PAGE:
My Friend Hannah sent me this note from a Taize newsletter. It is so beautiful and articulates so well what I am ongoingly and feebly trying to articulate in my own life. Thanks Hannah.

All across the world, though we have very different histories, do we not find ourselves facing similar issues? No one can avoid asking themselves: What can give direction to my life? What goal can I choose that is worth the effort?

We all feel that there needs to be major changes in our world. The structures of our societies and patterns of thought from the past are proving to be inadequate and insufficient to create greater justice on earth, to reduce poverty, to ensure that persons and peoples can live together in peace.

But we also discover that necessary change, particularly an overhaul of the world economic and financial system, is not possible without a change in the human heart.

We are very hopeful that societies can change. But we are here together so that each of us can deepen first of all a change of heart. And we would like to ask ourselves: from what source can we draw to undertake this change of heart?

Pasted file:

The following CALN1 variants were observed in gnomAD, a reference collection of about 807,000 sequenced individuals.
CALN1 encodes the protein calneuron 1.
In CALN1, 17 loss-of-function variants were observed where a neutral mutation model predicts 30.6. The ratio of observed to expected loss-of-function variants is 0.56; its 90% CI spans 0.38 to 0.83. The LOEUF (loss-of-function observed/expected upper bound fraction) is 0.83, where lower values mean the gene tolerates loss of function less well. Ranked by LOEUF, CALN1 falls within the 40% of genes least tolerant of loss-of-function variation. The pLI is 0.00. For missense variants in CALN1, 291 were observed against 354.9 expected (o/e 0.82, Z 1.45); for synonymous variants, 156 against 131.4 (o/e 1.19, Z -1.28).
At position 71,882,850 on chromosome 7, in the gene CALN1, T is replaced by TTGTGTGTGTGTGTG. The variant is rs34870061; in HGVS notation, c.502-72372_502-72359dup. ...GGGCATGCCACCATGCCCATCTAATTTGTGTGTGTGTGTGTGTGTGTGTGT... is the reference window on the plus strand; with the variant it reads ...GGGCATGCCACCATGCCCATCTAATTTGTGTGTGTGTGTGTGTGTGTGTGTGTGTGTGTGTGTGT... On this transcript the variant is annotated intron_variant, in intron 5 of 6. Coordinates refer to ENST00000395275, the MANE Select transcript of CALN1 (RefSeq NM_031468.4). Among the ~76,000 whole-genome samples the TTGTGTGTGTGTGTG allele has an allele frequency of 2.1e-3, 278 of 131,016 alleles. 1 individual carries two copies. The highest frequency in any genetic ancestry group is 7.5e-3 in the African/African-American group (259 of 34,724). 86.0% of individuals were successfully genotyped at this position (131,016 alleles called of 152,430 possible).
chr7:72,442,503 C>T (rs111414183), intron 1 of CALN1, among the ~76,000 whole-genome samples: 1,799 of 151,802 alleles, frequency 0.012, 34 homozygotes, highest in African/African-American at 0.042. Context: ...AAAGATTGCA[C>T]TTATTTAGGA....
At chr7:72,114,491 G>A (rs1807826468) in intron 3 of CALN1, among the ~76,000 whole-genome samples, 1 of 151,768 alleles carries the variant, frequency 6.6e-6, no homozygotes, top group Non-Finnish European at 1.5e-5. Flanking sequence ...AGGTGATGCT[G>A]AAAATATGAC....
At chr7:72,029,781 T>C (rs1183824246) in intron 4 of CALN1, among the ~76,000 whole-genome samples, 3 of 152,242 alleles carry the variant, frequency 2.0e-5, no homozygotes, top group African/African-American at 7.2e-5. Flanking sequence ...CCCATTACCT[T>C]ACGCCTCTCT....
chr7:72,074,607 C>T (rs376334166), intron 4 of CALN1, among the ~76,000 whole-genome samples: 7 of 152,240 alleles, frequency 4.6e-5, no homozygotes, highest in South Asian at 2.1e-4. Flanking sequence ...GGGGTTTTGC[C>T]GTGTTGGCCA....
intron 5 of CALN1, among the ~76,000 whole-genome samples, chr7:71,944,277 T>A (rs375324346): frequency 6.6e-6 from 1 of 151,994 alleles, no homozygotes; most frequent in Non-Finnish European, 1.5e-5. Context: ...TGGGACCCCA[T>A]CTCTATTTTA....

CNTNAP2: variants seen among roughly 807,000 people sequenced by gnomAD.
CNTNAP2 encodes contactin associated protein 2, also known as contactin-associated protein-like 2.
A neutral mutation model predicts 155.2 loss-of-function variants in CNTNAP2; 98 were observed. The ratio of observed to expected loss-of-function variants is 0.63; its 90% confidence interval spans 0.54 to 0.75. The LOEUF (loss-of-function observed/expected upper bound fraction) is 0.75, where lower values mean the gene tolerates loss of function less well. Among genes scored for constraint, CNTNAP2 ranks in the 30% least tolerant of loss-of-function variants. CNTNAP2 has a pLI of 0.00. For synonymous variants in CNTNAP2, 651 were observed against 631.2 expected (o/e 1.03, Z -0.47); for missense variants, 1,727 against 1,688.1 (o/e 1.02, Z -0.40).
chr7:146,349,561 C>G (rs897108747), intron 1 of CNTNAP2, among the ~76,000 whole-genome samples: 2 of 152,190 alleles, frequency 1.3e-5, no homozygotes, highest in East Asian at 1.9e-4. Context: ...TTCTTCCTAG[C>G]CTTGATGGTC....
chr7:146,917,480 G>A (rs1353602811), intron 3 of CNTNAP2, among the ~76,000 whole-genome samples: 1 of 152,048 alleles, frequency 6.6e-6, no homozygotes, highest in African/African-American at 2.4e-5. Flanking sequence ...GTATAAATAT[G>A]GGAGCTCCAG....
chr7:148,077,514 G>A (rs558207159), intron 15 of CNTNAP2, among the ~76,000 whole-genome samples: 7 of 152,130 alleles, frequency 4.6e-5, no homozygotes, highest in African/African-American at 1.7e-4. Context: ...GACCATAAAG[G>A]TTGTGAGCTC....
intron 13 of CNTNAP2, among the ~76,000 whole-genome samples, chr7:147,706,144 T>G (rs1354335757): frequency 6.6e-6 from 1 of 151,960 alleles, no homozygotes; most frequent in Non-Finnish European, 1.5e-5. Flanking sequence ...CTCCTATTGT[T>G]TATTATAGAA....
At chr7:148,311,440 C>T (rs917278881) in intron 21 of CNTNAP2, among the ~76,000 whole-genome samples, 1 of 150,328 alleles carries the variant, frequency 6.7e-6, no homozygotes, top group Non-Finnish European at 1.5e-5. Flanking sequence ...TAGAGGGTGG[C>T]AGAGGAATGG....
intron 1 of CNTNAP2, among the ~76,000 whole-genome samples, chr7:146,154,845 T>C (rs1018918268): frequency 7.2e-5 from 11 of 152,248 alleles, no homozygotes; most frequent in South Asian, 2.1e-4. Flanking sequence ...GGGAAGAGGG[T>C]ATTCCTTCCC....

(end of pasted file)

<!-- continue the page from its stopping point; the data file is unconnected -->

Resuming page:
In every human heart there is a longing, the longing to be loved and to love. At the same time, we all experience that this longing is only rarely satisfied, and never for all time. Far from discouraging us, this can allow us to discover over and over again a personal communion with God.

Is not this thirst within us a mark engraved in us by God so that we can turn towards him? That will be the topic of your reflection tomorrow morning in the small groups.

Economic progress, however important, cannot quench our deepest thirst. This thirst opens our heart so that we listen to the voice of the Holy Spirit whisper day and night within us: "You are loved for ever and once and for all, and even the hardships of your life, however real and sometimes very hard, cannot eradicate this love."

And then our heart changes. And not only our heart, but also our way of looking and our behavior. We become more capable of discerning what is good and what is bad; without being naïve we become better able to dialogue, to reach out to others, to make our life a pilgrimage of trust. And in this way we will contribute as believers to help determine the face of the new world that is emerging.